44. ^ "Loughgall Barracks Devastated". The Irish people. Vol. 17, no. 33. Bronx, N.Y. 15 September 1990. p. 3. ISSN 0888-3556. Retrieved 16 November 2022 – via Indiana University–Purdue University Indianapolis.
  45. ^ a b "Loughgall Blasted". Irish Press. 6 September 1990. p. 3.
  46. ^ a b c "Two shot, ambush village is blasted". Cork Examiner. 6 September 1990. p. 20.
  47. ^ "news digest – New start for station". The Examiner. 4 April 1996. p. 4.
  48. ^ "Freedom of Information – Property Sold by the PSNI in the Last Ten Years" (PDF). PSNI. F-2010-01955. Archived from the original (PDF) on 17 December 2011.
  49. ^ Provo Massacre PSNI Station Sold; Scene of 11 killings set to be used for housing The Mirror, 27 April 2011.
  50. ^ Lenihan, Conor (10 November 1988). "No prosecution in SAS ambush". Cork Examiner. p. 24.
  51. ^ "Loughgall widow is compensated". The Irish Times. 26 April 1991. p. 2.
  52. ^ "UK condemned over IRA deaths". BBC. 4 May 2001. Retrieved 28 October 2008.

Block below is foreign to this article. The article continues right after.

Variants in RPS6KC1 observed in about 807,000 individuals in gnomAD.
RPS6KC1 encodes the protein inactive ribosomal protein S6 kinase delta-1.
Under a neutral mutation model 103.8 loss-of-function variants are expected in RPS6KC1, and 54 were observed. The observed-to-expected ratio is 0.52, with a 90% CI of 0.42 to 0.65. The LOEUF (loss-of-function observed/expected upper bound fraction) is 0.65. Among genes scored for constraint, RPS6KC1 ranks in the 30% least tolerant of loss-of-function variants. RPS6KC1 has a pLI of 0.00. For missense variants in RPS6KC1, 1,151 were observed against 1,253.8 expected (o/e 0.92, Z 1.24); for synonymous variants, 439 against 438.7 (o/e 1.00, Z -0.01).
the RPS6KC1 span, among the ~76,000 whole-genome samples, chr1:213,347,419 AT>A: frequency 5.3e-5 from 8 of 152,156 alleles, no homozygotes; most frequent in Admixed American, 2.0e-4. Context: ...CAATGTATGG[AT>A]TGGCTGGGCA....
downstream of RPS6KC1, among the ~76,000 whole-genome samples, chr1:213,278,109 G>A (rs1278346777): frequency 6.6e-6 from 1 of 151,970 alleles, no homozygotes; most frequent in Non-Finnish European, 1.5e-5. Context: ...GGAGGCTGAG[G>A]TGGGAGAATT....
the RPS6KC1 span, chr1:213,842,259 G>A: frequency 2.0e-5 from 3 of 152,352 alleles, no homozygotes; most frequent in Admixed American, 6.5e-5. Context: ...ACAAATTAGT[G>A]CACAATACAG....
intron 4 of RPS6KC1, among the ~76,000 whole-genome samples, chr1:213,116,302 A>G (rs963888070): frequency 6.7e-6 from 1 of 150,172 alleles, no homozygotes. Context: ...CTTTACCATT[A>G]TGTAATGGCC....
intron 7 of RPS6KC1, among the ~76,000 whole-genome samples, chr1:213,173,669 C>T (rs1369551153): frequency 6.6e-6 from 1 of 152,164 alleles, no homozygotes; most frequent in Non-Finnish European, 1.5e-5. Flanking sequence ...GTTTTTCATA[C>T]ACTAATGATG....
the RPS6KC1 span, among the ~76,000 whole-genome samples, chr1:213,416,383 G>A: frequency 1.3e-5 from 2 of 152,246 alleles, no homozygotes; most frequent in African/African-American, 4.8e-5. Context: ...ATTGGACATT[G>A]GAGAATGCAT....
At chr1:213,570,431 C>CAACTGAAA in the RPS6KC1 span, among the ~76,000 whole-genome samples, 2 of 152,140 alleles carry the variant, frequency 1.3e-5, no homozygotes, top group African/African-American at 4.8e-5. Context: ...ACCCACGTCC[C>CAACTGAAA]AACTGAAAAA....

53. ^ "Shot IRA unit 'fired first at SAS'". Belfast Telegraph. 2 December 2011.
  54. ^ "Permission given to include police in civil action over SAS killings". The Irish Times. 8 January 2014. Retrieved 4 December 2019.
  55. ^ Erwin, Alan (11 May 2018). "IRA men shot dead at Loughgall had been under surveillance for weeks, court told". Belfast Telegraph. Retrieved 4 December 2019.
  56. ^ "Government apology to innocent victims of SAS Loughgall ambush". Lurgan Mail. 9 May 2014. Retrieved 4 December 2019.
  57. ^ Newton, Emerson (11 May 2014). "Dealing with the past looks to be a long way in the future". The Sunday Times.
  58. ^ Moriarty, Gerry (23 September 2015). "New inquests into deaths of 9 in SAS ambush at Loughgall". The Irish Times. Retrieved 29 June 2017.
  59. ^ Black, Rebecca (18 September 2019). "Loughgall inquest could take up to six months to complete, coroner told". Belfast Telegraph. Retrieved 4 December 2019.
  60. ^ "Submission to the Committee of Ministers concerning the supervision of the case of Kelly and Others v UK". Committee of Ministers of the Council of Europe. 14 April 2020. DH-DD(2020)313. Retrieved 19 November 2022.
  61. ^ Wharton, Ken (2016). Another Bloody Chapter in an Endless Civil War Northern Ireland and the Troubles, 1984–87 · Volume 1. Helion Limited. p. 324.
  62. ^ Bailie, Stuart (2018). Trouble Songs. Belfast: Bloomfield. p. 202. ISBN 978-1-5272-2047-8.